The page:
The Panfilia Wood

Written by  Vito De Santis

Suspended between land and water, an oasis of unspoiled splendour in the Po delta territory.

“It is unbelievably interesting, partly because it is a lowland wood and therefore unusual in our country, and also because it is a forest which floods from time to time when the river Reno bursts its banks. To be involved when this event takes place is a unique experience, which combines the drama of the flooding with some fascinating consequences for nature”. Elisabetta Mantovani, who runs the Service for the Protection of Flora e Fauna in

the province of Ferrara, speaks with words that clearly come straight from the heart, when she introduces the subject of Panfilia Wood, an area which stretches over 81 hectares in a huge loop of the highwater bed of the river Reno, in the municipality of Sant’Agostino. Its boundaries are marked by the Cavo Napoleonico (a man made canal which connects the rivers Po and Reno) on the west side and by the village of Sant’Agostino in the north; to the east there is the Poggio Renatico countryside and to the south the Reno river bed which also serves as the boundary between the provinces of Ferrara and Bologna. At the doubts of the layman – but don’t the floods cause damage to both the plants and the animals? – Elisabetta Mantovani smiles and explains: “The flora and fauna in the wood adapt perfectly to the events of nature. The wood would not have these unequalled characteristics if it was not for the floods; it is in simbiosis with its river, to which it owes both its origins and its continuing existence. When it comes to defending the natural habitat, Panfilia Wood is at present an oasis of protection for fauna, set up by the Ferrara provincial authority; it is also a Site of Community Importance (Sic), as part of the Natura 2000 project organised by the European Union. There is a long and impressive list of fauna present in this earthly paradise: many, many species of birds (wren, tit-mouse, skylark, goldfinch, jay, cuckoo, chaffinch, red and green woodpecker etc.), as well as a rich variety of avifauna due to the moist atmosphere provided by the river: kingfisher, night heron, snipe, moor hen, several types of red heron, mallard, coot, great-crested grebe, little egret and bittern. In the undergrowth and along the river banks with cultivation nearby it is easy to spot pheasant. There is no shortage of birds of prey, both diurnal and nocturnal: sparrow hawk, kestrek, buzzard, owl and barn owl. It goes without saying that hunting is not allowed in the area of the Panfilia Wood. As to flora, one can admire the vegetation typical of the damp woods of the Po Valley. Oak, white and black poplar, ash, willow, elm, mulberry, and alder all push upwards, sometimes reaching a height of almost thirty metres; one can also see hazel, elderberry, blackberry, dogwood, privet, sloe and hawthorn.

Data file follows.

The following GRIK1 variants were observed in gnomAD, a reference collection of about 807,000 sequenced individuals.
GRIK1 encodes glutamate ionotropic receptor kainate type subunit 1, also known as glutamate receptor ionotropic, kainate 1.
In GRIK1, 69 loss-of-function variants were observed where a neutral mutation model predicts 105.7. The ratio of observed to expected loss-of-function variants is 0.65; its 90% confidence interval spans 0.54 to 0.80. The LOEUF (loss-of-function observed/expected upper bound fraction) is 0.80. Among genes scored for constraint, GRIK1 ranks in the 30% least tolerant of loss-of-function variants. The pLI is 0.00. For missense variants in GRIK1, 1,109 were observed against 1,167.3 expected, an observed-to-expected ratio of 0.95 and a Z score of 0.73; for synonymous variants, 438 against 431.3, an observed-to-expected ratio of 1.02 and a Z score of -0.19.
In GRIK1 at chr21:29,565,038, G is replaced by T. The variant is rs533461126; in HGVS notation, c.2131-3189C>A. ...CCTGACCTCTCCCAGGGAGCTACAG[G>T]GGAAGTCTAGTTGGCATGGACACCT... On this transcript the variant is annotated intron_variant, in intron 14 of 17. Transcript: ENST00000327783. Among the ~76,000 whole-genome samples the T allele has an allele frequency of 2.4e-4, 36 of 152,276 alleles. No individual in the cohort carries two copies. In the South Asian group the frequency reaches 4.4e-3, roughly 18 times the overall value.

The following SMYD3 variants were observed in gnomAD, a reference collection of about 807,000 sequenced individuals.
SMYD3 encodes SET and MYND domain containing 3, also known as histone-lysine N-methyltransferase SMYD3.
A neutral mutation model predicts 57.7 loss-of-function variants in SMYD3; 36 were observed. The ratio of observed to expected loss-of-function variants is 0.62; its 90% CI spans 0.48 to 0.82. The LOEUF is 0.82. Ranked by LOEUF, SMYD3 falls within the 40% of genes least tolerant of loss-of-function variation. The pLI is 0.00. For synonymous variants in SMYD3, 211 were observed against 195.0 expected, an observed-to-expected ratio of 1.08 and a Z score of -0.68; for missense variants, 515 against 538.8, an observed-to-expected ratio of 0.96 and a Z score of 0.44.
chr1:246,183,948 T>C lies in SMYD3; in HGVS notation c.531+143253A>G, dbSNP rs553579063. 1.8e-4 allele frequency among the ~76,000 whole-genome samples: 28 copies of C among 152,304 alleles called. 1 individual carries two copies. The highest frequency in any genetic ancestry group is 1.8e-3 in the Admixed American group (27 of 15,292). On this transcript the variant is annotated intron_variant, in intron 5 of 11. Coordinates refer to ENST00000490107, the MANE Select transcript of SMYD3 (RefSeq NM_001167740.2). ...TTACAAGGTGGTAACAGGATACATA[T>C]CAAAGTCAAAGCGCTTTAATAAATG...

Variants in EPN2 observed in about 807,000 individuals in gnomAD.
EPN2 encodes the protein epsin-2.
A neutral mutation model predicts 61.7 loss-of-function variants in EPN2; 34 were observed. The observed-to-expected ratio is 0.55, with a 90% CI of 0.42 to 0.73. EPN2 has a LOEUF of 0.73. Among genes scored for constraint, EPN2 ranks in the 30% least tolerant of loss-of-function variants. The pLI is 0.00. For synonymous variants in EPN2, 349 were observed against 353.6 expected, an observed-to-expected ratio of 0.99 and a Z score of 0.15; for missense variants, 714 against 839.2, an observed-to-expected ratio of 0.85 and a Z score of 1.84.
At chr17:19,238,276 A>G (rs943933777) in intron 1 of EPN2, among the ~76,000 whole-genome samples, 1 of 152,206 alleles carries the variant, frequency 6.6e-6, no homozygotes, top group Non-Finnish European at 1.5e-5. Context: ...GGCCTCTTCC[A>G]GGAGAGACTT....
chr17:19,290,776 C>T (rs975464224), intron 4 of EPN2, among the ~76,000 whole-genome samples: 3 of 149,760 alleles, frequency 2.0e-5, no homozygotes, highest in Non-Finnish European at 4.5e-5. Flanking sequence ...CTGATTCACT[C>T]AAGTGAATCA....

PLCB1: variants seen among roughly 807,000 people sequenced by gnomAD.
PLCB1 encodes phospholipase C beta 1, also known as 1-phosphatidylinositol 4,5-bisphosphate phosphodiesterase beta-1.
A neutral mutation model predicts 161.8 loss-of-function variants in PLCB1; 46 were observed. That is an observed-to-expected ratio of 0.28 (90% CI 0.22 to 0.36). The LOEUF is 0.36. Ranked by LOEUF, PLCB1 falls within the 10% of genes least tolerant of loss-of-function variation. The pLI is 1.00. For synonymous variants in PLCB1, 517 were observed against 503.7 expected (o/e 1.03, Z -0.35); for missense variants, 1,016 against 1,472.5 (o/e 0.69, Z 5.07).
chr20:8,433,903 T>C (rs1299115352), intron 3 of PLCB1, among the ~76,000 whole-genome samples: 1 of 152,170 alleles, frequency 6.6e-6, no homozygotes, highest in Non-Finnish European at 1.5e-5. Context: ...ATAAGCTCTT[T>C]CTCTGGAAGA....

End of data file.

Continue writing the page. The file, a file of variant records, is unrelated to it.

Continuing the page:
However, before moving deeper into the wonders of the forest let us mention the origins of its name. Elisabetta Mantovani points out that the watery vicissitudes of the area have been most complicated and played a central part in its history: a study published by the local WWF association tells in detail of the quarrels between Bologna and Ferrara municipalityies to define the course of the Reno river, in order to avoid the seasonal floods which damaged coultivations in the fertile mplains between the two cities. The quarrels went on and on for more than four hundred years, making the course of the Reno river change several times, fron 1522 to the second half of the Eighteenth century. One of the seasonal floods, that of 1750, destroyed the villa and lands of the marquis Panfilo Fachinetti, situated along the banks of the river, and went down in history as the rotta Panfilia, the Panfilia flood. On the alluvial soil left by the flood the hydric vegetation of the wood slowly began to establish itself, taking the name of Panfilia. “One cannot talk about Panfilia – concludes Elisabetta – without mentioning that it is one of the most renowned truffle areas in the province. The most valued truffle of all is the white one, but there are other species worthy of interest, the smooth black variety for example. The geological and climatic conditions, the presence of wooded areas and the rich hydrographic network are the vital elements that allow this “food of the gods” to flourish here; they also give it its special organoleptic properties making it of excellent quality; the perfect accompaniment for the classic dishes of the area, maccheroni pie, to name just one. It is a well known fact that Cristoforo di Messisbugo, the famous ceremony chef at the court of the House of Este used to gather these truffles himself in the woody high-water beds along the river Po and use them in his sumptuous Renaissance banquets.